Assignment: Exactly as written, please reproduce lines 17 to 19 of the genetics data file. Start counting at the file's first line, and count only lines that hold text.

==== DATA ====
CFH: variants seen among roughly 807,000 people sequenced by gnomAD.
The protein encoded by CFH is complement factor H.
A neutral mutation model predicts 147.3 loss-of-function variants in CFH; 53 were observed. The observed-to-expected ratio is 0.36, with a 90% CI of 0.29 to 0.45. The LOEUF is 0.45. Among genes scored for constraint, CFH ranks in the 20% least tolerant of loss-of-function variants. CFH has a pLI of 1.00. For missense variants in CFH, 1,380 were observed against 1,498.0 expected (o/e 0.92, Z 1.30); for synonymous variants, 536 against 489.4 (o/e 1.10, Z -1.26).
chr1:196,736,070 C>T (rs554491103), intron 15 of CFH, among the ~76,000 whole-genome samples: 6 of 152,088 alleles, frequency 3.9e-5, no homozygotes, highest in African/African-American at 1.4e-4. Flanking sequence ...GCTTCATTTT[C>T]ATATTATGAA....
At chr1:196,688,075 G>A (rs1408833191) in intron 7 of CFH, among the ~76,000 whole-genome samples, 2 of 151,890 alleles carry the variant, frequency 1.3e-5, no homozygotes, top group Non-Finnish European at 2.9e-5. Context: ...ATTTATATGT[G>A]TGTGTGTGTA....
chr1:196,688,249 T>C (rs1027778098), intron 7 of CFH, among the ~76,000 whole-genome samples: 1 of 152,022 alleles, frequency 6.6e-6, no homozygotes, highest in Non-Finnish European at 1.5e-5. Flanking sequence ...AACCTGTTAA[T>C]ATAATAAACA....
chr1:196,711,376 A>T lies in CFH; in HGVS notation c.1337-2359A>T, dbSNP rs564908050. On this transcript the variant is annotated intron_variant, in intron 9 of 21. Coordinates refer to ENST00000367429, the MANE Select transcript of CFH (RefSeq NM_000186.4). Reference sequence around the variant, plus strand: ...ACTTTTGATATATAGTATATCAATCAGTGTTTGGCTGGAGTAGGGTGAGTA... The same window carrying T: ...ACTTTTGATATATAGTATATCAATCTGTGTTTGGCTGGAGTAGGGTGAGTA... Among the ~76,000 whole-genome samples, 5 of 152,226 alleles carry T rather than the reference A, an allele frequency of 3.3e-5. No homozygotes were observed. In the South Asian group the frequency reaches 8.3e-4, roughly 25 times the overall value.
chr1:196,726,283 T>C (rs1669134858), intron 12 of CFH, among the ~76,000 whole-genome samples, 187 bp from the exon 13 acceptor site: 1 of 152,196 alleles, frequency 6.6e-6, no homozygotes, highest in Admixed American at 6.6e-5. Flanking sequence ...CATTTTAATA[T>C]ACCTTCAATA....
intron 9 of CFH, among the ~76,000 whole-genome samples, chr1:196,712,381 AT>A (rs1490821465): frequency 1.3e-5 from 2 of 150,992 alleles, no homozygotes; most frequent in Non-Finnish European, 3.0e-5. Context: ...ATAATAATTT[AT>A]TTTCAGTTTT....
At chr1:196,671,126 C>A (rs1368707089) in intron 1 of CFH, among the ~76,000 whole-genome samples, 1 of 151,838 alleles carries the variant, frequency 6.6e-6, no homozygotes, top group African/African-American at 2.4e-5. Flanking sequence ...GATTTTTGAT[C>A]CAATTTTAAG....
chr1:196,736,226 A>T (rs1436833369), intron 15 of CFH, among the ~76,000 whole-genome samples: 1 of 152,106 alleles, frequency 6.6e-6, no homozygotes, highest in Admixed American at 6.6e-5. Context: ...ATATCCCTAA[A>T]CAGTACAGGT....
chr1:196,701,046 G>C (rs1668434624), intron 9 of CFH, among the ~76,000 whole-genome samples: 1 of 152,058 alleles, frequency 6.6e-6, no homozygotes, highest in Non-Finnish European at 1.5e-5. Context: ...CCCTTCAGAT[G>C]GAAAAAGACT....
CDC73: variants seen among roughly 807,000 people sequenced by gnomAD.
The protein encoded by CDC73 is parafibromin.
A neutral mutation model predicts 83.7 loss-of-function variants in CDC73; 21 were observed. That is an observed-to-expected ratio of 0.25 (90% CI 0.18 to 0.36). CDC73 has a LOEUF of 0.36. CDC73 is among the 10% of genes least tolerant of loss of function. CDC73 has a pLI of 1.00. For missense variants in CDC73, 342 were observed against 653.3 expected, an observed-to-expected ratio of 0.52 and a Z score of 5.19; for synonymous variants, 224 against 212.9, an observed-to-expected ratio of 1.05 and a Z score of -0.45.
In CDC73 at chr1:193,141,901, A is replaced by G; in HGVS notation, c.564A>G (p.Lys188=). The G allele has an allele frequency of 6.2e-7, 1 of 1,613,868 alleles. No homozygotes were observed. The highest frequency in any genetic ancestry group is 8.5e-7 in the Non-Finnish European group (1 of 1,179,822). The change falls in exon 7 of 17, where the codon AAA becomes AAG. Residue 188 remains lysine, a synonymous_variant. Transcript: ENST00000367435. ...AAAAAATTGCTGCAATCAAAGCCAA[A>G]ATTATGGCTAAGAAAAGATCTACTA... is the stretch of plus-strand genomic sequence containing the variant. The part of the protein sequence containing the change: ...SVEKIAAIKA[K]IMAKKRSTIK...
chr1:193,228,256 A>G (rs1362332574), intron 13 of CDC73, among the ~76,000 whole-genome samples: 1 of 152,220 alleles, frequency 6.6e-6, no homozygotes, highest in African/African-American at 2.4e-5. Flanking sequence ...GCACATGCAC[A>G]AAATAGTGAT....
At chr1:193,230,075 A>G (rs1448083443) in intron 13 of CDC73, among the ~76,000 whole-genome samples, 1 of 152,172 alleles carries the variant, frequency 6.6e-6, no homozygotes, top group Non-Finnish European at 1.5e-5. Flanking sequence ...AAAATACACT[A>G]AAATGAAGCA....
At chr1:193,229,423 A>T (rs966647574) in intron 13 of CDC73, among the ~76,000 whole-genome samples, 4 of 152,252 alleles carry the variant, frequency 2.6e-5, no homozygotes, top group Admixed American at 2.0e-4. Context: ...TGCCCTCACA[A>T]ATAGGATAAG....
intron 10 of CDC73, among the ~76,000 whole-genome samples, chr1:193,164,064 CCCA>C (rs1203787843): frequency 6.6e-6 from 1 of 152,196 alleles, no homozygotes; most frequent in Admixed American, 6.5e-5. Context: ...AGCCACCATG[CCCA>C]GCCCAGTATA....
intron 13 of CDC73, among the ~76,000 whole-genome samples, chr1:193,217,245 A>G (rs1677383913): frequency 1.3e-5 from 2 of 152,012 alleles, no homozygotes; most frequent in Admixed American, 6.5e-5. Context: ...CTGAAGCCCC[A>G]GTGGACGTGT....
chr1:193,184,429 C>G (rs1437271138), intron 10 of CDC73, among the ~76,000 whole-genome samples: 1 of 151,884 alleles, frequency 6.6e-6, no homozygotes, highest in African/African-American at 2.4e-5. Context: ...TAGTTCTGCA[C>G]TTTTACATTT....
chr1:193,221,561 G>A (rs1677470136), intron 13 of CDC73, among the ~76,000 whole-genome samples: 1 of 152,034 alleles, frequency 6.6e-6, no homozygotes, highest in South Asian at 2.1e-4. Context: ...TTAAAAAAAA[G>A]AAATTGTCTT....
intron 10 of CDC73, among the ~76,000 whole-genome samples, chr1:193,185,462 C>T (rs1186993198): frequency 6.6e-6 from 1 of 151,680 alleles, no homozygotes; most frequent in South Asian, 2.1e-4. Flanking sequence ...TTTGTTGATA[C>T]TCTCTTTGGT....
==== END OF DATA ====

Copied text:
chr1:193,228,256 A>G (rs1362332574), intron 13 of CDC73, among the ~76,000 whole-genome samples: 1 of 152,220 alleles, frequency 6.6e-6, no homozygotes, highest in African/African-American at 2.4e-5. Flanking sequence ...GCACATGCAC[A>G]AAATAGTGAT....
At chr1:193,230,075 A>G (rs1448083443) in intron 13 of CDC73, among the ~76,000 whole-genome samples, 1 of 152,172 alleles carries the variant, frequency 6.6e-6, no homozygotes, top group Non-Finnish European at 1.5e-5. Flanking sequence ...AAAATACACT[A>G]AAATGAAGCA....
At chr1:193,229,423 A>T (rs966647574) in intron 13 of CDC73, among the ~76,000 whole-genome samples, 4 of 152,252 alleles carry the variant, frequency 2.6e-5, no homozygotes, top group Admixed American at 2.0e-4. Context: ...TGCCCTCACA[A>T]ATAGGATAAG....